The village, called Catal Huyuk, grew on the good
land near a river. Some workers grew wheat, barley,
and peas. Others raised sheep and cattle. Because
these workers produced enough food for all the people, others could begin developing other kinds of
skills. Some made pots out of clay that they baked—
the first pottery—while others worked as weavers.
© McDougal Littell Inc. All rights reserved.
0002-wh10a-CIB-01
0003-wh10a-CIB-01
11/13/2003
12:01 PM
Page 3
Name
Some artists decorated the village.
Archaeologists have found wall paintings that
show animals and hunting scenes. They have found
evidence that the people had a religion, too.
Some people in the village worked as traders.
Near the village was a rich source of obsidian, a
stone made from volcanic rock. Pieces of this rock
could be made into a very sharp cutting tool or polished to be used as mirrors. People in the village
traded the rock to those who lived far away.
Life in the early farming villages had problems,
too. If the farm crop failed or the lack of rain
caused a drought, people would starve. Floods and
fires could damage the village and kill its people.
With more people living near each other than
before, diseases spread easily. Still, some of these
early villages grew into great cities.
3
Civilization
Case Study: Ur in Sumer
KEY IDEA Farming villages produced extra food and
developed new technologies. The result is the rise of
civilizations.
© McDougal Littell Inc. All rights reserved.
O
ver time, farmers developed new tools—hoes,
sickles, and plow sticks—that helped them
grow even more food. They decided to plant larger
areas of land. The people in some villages began to
irrigate the land, bringing water to new areas.
People invented the wheel for carts and the sail for
boats. These new inventions made it easier to travel
between distant villages and to trade.
Life became more complex as the villages began
to grow. People were divided into social classes,
some with more wealth and power than others.
People began to worship gods and goddesses that
they felt would make their crops safe and their harvests large.
One of the first civilizations arose in Sumer.
It was in a region of Southwest Asia known as
Mesopotamia—between the Tigris and Euphrates
rivers of modern Iraq. Historians consider a civilization to have these five features:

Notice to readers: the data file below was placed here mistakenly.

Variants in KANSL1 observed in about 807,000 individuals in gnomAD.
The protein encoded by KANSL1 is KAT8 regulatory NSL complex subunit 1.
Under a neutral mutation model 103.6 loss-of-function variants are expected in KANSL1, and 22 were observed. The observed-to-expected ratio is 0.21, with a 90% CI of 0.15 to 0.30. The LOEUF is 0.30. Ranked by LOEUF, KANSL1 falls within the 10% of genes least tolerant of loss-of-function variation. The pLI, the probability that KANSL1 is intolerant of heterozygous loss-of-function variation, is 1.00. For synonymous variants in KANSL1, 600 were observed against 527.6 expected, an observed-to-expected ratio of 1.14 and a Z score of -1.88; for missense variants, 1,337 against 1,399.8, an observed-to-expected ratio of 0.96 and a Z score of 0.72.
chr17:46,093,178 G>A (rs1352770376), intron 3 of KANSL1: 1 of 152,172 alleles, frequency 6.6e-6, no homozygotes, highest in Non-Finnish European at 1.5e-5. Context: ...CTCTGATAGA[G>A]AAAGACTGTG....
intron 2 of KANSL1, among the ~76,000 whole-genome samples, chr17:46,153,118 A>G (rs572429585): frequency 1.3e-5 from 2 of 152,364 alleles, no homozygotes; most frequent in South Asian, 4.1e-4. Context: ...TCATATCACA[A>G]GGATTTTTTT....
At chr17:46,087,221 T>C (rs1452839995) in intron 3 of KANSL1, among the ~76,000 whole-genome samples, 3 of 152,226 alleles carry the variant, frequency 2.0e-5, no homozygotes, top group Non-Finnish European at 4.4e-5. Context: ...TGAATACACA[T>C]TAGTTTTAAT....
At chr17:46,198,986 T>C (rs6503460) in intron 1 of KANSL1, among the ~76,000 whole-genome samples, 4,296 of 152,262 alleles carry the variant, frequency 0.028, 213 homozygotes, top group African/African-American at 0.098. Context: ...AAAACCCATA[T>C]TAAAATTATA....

1. advanced cities, which can hold many people and
served as centers of trade;
2. specialized workers, who can focus on different
kinds of work;
3. complex institutions, which can give the people
a government, an organized religion, and an
The Peopling of the World continued
economy;
4. record-keeping, which can lead to other purposes for writing; and
5. advanced technology, which can produce new
tools and techniques for solving problems.
Sumer had all the features of a civilization. One
of the new technologies that the people of Sumer
created was the ability to make a metal called
bronze. Workers used it to make points for spears.
One of the early cities of Sumer was named Ur.
It was surrounded by walls built of mud dried into
bricks. It held about 30,000 people, divided into
such social classes as rulers and priests, traders,
craft workers, and artists. They were all supported
by the food raised by farmers outside the city walls,
where they watched the animals and tended the
fields. Some workers dug ditches to carry water to
the fields. Officials of the city government planned
all of this activity.
Inside the city, people hurried about their busy
lives. Metal workers made bronze points for spears,
while potters made clay pots. Traders met people
from other areas. They traded the spear points and
pots for goods that Ur could not produce. Sometimes
their deals were written down by people called
scribes. They were educated in the new form of
writing that Sumer had developed. Ur’s most
important building was the temple. There the
priests led the city’s religious life. Temples also
served as storage for grains, fabrics, and gems as
offerings to the city’s gods.
Review
1. Determining Main Ideas What evidence do
scientists use to study the life of humans before
written history?
2. Comparing How did the Cro-Magnon people
differ from Homo erectus?
3. Drawing Conclusions What great change
came in the Neolithic period? Explain why it was
so important.
Summarizing
4. What are the five features of a civilization?
5. What different kinds of activity went on in
Sumer?
The Peopling of the World 3
Fly UP